-Michael Jordan


Our youngest daughter is a perfectionist who would only attempt things when she knew she could flawlessly accomplish it. She would have her brothers take her turn at video games and watch what they did. To a large extent, this perfectionism is a large part of her make-up and to try to completely alter it would be like trying to prune a full grown redwood tree into a bonsai pot. We were able to help her imagine what the worst thing that would happen if she tried something she hadn't yet mastered, and asked if she could live with that happening. She has become better and better at recognizing when to extend herself. That was helpful as was being sensitive when to challenge and when to support.

A great video to watch, which is fairly recent, is the Honda video "Failure: the secret to success": http://www.youtube.com/watch?v=OiaPNlR5A4I

Our family is a theater family of actors. Not surprisingly, our daughter chose to tech, which she did at regional theater, high school, and college. When she was asked to be in a play at college (heavily cajoled by friends), she did what I thought impossible. Without any acting training, she pulled off accent, arc of character, and connection with other actors on stage. She was fantastic. She has since earned a chemistry Phd. As parents we helped form her as she formed herself.

There is really no specific answer, since a parent's response is very situational. You'll know when to challenge your kid for behavior outside their comfort level and when to support.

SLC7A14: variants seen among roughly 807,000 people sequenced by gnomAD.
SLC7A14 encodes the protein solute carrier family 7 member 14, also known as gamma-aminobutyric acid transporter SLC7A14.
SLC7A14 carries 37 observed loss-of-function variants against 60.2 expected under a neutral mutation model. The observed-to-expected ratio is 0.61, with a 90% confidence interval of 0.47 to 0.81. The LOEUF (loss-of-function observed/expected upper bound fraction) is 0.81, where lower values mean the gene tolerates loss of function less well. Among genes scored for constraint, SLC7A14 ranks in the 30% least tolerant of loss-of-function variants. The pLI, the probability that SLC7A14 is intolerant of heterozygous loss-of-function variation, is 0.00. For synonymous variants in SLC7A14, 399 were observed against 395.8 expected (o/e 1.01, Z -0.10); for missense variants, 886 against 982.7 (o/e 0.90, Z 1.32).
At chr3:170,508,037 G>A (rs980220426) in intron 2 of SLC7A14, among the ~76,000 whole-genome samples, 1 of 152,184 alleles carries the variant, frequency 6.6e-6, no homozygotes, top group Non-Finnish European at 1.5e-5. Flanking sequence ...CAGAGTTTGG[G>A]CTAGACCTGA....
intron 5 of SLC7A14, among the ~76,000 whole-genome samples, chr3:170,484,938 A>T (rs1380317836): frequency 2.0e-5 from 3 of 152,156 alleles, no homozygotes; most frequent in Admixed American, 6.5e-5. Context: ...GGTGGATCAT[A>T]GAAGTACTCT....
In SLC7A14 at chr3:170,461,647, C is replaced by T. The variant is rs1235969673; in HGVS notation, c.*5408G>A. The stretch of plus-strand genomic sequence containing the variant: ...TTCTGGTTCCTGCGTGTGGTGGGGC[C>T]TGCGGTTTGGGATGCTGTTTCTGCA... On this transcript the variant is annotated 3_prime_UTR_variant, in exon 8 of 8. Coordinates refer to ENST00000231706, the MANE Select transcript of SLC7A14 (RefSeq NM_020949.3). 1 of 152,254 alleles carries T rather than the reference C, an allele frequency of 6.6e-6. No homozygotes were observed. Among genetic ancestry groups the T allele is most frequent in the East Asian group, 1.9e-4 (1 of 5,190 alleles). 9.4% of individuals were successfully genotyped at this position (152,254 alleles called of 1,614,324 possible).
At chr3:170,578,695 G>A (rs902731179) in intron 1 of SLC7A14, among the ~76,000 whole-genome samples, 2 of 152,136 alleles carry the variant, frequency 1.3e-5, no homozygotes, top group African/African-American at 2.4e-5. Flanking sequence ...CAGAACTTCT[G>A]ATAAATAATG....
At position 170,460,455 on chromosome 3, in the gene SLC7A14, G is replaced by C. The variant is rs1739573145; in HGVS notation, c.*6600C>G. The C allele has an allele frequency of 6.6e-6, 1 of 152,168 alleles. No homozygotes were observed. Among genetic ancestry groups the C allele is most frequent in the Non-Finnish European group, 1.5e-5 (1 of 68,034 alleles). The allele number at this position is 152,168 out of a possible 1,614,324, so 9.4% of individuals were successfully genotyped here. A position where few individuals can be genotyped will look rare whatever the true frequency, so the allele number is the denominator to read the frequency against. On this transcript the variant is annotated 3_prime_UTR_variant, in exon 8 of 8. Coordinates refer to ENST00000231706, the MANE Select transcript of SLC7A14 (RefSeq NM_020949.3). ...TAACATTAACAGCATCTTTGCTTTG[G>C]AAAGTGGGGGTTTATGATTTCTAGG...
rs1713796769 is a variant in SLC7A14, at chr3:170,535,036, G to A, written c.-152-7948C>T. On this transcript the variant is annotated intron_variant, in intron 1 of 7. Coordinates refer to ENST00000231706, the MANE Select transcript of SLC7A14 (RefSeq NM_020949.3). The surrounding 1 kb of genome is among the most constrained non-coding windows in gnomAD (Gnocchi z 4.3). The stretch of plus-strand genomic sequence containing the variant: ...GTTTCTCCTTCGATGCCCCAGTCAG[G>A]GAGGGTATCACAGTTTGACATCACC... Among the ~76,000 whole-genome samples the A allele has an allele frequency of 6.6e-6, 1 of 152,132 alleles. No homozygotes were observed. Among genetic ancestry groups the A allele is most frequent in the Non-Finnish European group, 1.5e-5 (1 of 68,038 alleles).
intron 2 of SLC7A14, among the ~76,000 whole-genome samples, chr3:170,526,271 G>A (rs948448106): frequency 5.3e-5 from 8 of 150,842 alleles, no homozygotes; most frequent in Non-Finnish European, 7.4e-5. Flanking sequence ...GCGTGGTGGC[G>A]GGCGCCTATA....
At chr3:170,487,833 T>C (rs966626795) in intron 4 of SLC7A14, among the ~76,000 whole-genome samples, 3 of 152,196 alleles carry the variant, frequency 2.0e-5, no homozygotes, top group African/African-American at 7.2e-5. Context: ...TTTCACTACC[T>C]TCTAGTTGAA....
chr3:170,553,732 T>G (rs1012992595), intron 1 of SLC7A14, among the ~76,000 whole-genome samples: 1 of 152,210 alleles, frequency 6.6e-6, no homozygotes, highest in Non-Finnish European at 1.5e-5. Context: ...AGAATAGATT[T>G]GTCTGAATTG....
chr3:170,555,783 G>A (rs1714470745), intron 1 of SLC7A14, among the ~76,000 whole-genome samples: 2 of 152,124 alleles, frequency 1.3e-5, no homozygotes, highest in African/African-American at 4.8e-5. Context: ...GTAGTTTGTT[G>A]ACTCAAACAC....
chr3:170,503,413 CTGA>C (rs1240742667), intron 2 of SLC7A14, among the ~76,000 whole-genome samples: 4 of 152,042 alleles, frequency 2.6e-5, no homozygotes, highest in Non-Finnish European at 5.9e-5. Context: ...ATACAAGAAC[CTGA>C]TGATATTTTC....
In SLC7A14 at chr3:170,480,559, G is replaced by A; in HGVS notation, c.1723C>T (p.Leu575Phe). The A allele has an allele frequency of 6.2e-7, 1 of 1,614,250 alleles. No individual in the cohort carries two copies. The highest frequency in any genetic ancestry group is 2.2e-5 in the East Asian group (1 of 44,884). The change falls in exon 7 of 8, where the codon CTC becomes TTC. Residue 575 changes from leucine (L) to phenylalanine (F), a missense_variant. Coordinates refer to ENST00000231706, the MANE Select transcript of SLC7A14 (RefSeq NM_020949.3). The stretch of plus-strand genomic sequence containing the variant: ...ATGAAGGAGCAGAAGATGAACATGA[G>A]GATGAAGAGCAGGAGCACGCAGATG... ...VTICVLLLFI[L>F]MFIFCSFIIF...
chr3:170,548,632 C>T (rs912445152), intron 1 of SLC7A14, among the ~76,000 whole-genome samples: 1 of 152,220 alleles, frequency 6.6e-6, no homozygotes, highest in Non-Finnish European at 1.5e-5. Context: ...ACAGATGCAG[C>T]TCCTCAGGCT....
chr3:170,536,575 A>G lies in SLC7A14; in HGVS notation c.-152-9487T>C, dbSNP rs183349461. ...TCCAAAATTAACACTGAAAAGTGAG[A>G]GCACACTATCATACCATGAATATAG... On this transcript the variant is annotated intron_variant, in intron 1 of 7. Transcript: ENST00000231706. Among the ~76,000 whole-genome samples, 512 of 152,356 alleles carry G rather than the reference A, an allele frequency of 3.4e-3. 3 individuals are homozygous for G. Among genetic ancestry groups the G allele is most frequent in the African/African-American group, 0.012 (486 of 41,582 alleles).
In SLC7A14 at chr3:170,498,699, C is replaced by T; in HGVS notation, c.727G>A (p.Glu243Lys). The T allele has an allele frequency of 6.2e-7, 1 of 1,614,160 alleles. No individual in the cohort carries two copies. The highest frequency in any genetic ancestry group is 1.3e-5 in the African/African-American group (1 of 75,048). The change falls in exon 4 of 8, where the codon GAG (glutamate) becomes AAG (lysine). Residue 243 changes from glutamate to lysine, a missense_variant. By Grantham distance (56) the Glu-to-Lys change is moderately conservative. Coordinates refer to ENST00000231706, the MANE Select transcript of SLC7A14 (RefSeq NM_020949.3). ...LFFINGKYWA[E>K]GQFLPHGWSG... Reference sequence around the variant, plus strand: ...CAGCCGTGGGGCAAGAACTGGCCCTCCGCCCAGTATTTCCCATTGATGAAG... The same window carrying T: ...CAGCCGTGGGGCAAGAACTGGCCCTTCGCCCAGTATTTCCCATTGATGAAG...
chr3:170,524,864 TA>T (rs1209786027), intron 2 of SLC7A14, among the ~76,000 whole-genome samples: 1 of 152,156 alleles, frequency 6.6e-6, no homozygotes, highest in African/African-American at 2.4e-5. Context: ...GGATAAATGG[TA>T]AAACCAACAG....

• Interesting story. But where's your answer to the question? Apr 22, 2011 at 19:59
  • 1
    It was obviously not clear from the above, sorry. Helping her examine the worst that could happen, and then considering if she could live with that outcome helped again and again. Associated with that was celebrating her successes at risking, unique to her, for our other kids had an easier time taking chances.
    – Tom Murphy
    Apr 22, 2011 at 21:02
  • I wish the link wasn't to a "private video." You had me very interested. +1 for the idea that examining the worst thing that could happen might help the challenge feel less scary. Nov 21, 2012 at 14:46

We teach our kids how to play stringed instruments with the Suzuki method, and I think the best parenting book I've ever read was by a Suzuki teacher who's also a child psychologist.

One of the core insights in the book is that with practice, even complex skills become easier. When things are easier, they are more rewarding.

It has been a tremendous challenge to convince our kids in many areas (not just music) that learning things that seem hard and failure-prone (like riding a bike) will happen and they will become easy and fun. But once they get that principle it's awesome. Our littlest is the most gung ho about new things because he's seen his older siblings do it. If yours is an only or oldest child, it's okay if it takes a while.

So the only practical advice I have is that good education proceeds in small steps. Isolate one little skill to challenge her on, and find a way to motivate her to practice until she can succeed. Learning is actually pretty addictive if there's the right mixture of ease and challenge (this is what makes many video games irresistable to some).

Be patient and try to have fun!

You must log in to answer this question.

Not the answer you're looking for? Browse other questions tagged .